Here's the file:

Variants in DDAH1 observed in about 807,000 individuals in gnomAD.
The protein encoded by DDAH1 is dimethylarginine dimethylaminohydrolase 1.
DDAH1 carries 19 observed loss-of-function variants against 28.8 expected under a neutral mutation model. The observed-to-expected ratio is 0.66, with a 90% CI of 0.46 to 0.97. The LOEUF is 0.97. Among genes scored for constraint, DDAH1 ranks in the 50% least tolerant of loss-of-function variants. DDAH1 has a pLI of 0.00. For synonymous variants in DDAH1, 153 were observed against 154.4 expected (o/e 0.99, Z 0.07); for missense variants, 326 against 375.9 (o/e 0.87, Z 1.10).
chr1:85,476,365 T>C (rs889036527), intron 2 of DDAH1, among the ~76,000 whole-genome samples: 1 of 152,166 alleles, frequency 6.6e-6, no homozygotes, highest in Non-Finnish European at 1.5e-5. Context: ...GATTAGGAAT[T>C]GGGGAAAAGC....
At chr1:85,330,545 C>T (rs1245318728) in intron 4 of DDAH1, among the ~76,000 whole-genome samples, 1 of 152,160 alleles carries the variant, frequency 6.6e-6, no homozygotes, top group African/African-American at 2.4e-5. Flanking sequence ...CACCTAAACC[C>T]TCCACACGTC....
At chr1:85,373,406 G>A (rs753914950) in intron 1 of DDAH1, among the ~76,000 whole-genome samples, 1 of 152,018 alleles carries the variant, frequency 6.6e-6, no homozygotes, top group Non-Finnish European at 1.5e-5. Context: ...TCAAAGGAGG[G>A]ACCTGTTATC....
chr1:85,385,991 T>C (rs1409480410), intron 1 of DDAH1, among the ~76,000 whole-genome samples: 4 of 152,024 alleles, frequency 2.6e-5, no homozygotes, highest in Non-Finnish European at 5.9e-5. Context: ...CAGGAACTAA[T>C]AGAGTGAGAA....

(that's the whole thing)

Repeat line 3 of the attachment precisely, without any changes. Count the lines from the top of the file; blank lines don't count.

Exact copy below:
DDAH1 carries 19 observed loss-of-function variants against 28.8 expected under a neutral mutation model. The observed-to-expected ratio is 0.66, with a 90% CI of 0.46 to 0.97. The LOEUF is 0.97. Among genes scored for constraint, DDAH1 ranks in the 50% least tolerant of loss-of-function variants. DDAH1 has a pLI of 0.00. For synonymous variants in DDAH1, 153 were observed against 154.4 expected (o/e 0.99, Z 0.07); for missense variants, 326 against 375.9 (o/e 0.87, Z 1.10).